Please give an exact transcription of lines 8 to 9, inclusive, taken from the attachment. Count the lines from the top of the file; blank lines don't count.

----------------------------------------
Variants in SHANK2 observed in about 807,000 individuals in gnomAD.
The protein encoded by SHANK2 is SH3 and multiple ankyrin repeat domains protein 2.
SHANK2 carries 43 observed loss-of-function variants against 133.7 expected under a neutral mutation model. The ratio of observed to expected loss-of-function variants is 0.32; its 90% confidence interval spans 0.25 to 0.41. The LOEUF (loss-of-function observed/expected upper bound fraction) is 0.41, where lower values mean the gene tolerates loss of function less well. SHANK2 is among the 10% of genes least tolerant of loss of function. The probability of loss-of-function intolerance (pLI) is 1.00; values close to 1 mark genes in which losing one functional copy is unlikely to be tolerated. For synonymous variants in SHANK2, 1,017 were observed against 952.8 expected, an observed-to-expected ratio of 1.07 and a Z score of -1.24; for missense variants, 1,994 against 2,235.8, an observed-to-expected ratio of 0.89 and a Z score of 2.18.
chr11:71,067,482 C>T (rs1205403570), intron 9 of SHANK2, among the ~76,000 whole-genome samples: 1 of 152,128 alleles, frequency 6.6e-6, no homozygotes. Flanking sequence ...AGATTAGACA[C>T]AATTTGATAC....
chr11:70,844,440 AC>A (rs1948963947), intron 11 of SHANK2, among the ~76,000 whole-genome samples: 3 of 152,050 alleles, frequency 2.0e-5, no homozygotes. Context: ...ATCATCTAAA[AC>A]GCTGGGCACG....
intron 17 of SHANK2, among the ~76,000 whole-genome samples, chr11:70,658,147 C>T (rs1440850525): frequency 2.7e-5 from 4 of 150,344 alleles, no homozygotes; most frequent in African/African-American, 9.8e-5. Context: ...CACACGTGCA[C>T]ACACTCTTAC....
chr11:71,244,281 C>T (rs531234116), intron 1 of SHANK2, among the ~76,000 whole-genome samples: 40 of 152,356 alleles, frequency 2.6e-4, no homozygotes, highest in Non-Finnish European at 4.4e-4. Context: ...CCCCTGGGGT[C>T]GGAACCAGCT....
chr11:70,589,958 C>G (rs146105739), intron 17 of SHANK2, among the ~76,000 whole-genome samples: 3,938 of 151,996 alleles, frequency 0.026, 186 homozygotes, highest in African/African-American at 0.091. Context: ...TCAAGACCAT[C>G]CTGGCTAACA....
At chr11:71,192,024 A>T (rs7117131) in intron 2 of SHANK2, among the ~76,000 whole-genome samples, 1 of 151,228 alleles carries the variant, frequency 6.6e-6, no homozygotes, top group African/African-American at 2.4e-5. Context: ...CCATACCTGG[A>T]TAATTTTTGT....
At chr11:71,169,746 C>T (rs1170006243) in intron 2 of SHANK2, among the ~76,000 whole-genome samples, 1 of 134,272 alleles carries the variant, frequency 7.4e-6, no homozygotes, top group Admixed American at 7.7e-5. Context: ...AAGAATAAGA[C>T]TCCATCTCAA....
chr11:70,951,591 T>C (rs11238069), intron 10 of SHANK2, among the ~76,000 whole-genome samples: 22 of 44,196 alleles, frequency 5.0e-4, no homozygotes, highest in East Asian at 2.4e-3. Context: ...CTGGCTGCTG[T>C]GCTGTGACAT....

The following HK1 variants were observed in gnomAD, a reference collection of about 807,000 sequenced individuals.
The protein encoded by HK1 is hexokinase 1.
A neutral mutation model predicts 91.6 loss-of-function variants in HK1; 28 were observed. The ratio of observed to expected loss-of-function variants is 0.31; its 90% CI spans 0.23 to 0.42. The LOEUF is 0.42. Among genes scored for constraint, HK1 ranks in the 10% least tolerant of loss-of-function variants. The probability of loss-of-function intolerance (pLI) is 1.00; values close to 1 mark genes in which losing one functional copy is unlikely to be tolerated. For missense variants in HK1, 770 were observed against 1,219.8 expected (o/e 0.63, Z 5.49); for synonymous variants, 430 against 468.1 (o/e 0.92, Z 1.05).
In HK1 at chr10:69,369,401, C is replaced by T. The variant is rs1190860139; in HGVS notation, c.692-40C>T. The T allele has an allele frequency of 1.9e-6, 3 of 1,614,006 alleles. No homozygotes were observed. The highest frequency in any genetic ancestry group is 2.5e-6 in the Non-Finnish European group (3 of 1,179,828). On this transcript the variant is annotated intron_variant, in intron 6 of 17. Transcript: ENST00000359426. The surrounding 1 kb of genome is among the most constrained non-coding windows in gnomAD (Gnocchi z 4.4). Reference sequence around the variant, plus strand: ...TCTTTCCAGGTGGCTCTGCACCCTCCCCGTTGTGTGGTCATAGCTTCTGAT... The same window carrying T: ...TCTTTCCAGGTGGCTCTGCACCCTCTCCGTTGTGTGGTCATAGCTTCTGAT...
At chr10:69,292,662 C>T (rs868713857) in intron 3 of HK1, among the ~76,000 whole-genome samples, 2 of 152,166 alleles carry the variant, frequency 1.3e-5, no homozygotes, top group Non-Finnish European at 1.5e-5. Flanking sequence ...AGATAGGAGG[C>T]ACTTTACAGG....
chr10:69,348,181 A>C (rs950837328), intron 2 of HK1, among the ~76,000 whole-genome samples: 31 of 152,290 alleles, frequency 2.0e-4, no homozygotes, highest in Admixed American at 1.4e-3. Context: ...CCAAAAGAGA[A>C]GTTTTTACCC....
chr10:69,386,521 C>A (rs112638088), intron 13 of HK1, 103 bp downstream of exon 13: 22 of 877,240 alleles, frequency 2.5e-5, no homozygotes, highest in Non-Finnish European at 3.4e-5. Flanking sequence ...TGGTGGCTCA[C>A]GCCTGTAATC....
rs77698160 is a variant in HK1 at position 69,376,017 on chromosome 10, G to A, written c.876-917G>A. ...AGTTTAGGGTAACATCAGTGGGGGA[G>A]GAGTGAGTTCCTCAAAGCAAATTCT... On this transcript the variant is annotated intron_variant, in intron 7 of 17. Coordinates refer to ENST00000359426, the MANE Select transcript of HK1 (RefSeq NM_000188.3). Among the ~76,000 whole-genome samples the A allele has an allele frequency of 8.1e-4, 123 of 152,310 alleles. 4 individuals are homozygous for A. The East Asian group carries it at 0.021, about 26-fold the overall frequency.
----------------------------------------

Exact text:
chr11:70,589,958 C>G (rs146105739), intron 17 of SHANK2, among the ~76,000 whole-genome samples: 3,938 of 151,996 alleles, frequency 0.026, 186 homozygotes, highest in African/African-American at 0.091. Context: ...TCAAGACCAT[C>G]CTGGCTAACA....
At chr11:71,192,024 A>T (rs7117131) in intron 2 of SHANK2, among the ~76,000 whole-genome samples, 1 of 151,228 alleles carries the variant, frequency 6.6e-6, no homozygotes, top group African/African-American at 2.4e-5. Context: ...CCATACCTGG[A>T]TAATTTTTGT....